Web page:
We talked with The Galvanizers' editors Bea Pantoja and Isa Garcia about their new online project. Read on to find out more about it!
What does it mean to be a "galvanizer"?
Bea Pantoja: A galvanizer inspires you to take action. You may have friends who motivate you, family that support you, and mentors who encourage and push you, but a galvanizer goes one step further by asking: what are you going to do about it?
Galvanizers aren't always good. Sometimes you'll react so strongly to unpleasant things that you can't help but respond. Sometimes you'll leave a heart-to-heart with a light spirit and fingers itching to create. In fact, one definition of "to galvanize" is to stimulate using electrical current. As someone who was recently repeatedly shocked with electrical currents for a medical test, I can assure you this is not a pleasant experience.
I much prefer this other definition of galvanize: to coat steel in corrosion-resistant zinc, making it stronger and more resistant to environmental forces. Galvanizers leave you stronger than where you began.
How long did it take for you to get The Galvanizers up and running from idea to making it public finally?
Bea: When we came up with the idea to start a writing magazine, we spent an hour building a skeleton of the mechanics: how often would we publish, what features to publish, what our magazine mascot would be (this was the most important issue, of course!). We had a mascot before we had a name. By that night, we had our name, website, issue theme, feature image, and a list of possible contributors (all of whom agreed to submit! We were over the moon about that.)
The next few weeks involved talking to the contributors, writing and editing everyone's pieces including our own, conducting interviews, and getting the look of the site just right. All in all, I'd say it took about a month to publish the first issue!
Why young women writers? And will you ever have guest guy writers in your future issues?
Bea: Ooh, this is a loaded question! First of all, there are few places where a young woman can go online and read specifically about the experience of writing itself from a variety writers her own age. We're still not that sure how many people find writing about writing interesting, but personally we can’t get enough. As a niche, "young female writers on writing" is a very small cut of the pie, but hopefully one that goes deep (which means lots of pie—always a plus!).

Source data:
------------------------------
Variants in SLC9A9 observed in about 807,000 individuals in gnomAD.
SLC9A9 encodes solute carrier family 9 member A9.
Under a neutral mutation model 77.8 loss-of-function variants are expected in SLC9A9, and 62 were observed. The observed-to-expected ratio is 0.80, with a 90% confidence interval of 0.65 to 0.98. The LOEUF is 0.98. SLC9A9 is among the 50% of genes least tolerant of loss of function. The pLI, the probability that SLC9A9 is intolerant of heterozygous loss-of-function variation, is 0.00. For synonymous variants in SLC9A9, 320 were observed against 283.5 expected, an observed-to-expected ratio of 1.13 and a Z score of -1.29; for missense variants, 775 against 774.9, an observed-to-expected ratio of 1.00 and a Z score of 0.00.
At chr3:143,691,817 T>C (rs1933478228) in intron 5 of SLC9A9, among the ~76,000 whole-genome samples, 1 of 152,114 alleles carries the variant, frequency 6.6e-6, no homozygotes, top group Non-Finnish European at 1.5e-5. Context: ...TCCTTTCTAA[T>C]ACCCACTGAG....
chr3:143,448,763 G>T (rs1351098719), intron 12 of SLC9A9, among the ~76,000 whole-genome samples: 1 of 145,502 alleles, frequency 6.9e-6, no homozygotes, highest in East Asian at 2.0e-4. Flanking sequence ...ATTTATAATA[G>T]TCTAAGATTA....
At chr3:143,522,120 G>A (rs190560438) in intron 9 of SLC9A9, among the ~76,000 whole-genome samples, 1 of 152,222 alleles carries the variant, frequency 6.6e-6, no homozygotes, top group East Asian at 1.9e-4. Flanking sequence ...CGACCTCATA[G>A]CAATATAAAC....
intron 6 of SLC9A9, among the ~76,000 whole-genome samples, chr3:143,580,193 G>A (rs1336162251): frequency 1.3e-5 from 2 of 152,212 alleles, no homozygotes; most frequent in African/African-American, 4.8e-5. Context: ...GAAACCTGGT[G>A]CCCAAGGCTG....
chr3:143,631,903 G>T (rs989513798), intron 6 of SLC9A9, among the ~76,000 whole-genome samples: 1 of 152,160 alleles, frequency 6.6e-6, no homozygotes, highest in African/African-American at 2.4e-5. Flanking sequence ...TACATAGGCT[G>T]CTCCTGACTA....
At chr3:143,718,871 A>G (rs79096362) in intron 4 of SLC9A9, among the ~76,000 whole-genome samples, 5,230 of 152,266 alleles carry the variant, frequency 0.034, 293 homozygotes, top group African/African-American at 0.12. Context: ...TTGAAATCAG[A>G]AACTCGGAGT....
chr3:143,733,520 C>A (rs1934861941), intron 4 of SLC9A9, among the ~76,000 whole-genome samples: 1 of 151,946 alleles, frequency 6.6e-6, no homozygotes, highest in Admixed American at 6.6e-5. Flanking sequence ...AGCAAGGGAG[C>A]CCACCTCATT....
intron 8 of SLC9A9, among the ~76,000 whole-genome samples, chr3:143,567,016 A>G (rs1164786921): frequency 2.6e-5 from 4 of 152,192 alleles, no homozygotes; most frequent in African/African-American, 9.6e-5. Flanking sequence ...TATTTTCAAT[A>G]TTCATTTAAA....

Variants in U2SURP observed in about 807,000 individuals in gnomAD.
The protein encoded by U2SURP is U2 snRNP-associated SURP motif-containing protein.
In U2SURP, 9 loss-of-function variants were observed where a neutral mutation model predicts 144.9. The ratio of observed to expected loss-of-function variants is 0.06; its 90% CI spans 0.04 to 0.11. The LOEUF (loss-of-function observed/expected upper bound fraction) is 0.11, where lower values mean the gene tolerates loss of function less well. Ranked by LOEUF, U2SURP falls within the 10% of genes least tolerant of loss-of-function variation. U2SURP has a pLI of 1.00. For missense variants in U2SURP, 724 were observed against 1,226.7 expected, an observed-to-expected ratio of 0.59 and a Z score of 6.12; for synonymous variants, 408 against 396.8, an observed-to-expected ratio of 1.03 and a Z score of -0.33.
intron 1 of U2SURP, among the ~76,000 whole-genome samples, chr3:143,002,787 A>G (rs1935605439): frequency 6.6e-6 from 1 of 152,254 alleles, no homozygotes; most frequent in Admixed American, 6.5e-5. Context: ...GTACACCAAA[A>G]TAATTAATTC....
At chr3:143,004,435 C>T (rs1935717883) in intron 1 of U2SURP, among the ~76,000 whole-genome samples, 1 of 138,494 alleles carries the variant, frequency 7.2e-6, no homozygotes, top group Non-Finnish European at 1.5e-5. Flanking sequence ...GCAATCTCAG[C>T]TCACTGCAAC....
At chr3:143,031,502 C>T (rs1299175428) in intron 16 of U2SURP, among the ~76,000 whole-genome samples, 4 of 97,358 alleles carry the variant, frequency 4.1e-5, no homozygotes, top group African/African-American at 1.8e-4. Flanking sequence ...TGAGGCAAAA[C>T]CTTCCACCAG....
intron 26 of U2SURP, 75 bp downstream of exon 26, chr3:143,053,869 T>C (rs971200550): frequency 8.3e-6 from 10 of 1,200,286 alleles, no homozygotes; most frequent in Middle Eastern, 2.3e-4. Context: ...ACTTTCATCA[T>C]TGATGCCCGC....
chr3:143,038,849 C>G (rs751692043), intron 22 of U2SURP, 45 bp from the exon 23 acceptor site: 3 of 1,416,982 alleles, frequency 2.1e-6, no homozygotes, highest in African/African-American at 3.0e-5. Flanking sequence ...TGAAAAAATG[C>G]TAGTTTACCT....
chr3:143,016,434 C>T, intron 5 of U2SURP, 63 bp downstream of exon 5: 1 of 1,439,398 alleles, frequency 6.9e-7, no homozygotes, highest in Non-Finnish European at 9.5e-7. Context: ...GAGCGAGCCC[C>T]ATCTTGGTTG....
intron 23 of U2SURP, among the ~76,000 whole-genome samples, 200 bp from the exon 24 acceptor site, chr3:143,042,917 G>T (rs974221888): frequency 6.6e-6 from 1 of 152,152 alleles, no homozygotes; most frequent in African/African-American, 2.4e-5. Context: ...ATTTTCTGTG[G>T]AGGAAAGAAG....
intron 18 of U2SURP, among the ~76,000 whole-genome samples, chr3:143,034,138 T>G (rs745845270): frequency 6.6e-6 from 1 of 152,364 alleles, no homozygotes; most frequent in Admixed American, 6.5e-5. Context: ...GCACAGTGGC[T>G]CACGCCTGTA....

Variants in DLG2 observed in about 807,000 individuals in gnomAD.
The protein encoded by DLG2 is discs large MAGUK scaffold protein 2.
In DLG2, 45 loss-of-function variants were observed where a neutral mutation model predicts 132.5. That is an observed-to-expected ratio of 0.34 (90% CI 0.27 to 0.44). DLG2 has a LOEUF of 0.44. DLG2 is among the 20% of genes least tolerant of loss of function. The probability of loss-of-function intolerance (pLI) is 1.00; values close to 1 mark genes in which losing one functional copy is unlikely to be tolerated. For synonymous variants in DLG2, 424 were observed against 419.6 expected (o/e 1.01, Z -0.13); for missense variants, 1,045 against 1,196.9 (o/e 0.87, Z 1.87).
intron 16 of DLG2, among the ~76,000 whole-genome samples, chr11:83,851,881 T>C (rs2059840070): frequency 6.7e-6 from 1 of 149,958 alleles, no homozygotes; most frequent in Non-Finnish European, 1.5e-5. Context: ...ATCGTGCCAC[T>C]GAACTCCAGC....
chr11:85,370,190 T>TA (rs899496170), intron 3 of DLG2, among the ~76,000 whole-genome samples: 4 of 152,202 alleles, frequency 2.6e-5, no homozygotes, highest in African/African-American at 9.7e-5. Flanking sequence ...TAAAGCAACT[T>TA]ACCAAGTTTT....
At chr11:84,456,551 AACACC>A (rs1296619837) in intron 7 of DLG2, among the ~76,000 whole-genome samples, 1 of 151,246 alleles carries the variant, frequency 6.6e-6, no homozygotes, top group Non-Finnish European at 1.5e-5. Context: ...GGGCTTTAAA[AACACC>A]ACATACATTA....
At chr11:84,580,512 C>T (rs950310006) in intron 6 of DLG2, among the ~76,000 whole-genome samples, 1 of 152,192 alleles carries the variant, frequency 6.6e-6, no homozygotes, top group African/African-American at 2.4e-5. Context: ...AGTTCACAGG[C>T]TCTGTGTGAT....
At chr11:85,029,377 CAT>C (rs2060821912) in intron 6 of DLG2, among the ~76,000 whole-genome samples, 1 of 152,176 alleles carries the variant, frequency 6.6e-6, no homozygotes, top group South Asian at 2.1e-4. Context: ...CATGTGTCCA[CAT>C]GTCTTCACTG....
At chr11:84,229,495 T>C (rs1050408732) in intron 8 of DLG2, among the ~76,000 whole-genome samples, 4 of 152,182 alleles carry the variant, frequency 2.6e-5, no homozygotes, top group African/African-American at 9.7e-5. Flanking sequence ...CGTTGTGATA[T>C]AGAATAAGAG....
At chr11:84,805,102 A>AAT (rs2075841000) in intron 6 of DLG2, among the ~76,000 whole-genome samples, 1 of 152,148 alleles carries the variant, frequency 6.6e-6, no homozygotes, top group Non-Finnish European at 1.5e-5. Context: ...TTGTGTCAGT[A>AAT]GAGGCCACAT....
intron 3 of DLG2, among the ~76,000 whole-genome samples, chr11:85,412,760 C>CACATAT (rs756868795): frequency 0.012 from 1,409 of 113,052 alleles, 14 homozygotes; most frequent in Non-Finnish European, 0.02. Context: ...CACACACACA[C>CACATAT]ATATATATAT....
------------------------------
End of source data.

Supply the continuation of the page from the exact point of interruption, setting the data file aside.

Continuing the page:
If there's one thread that ties all the articles of previous issues together, it's that being a young female writer today is not easy. You have to get out of your head. You have to turn your perfect dreams into imperfect reality. You have to make a lot of choices, and choices can be scary. You have to learn a lot—heck, we don't know anything either! So, we aim to feature stories that reflect different perspectives of what it means to be a young female writer today.
As a female writer, your challenges are not often the same as your male counterparts. You are still underrepresented in the most prestigious literary awards. Your commercial fiction is branded "chick lit" or "a great beach read" as though this is meant to be derogatory. You're too in touch with feelings. Your magazines are dismissed: too shallow if mainstream, too off-beat if indie, too "feminism-y" if you dare question the status quo. It was very important for us to build a space where these issues could be discussed openly.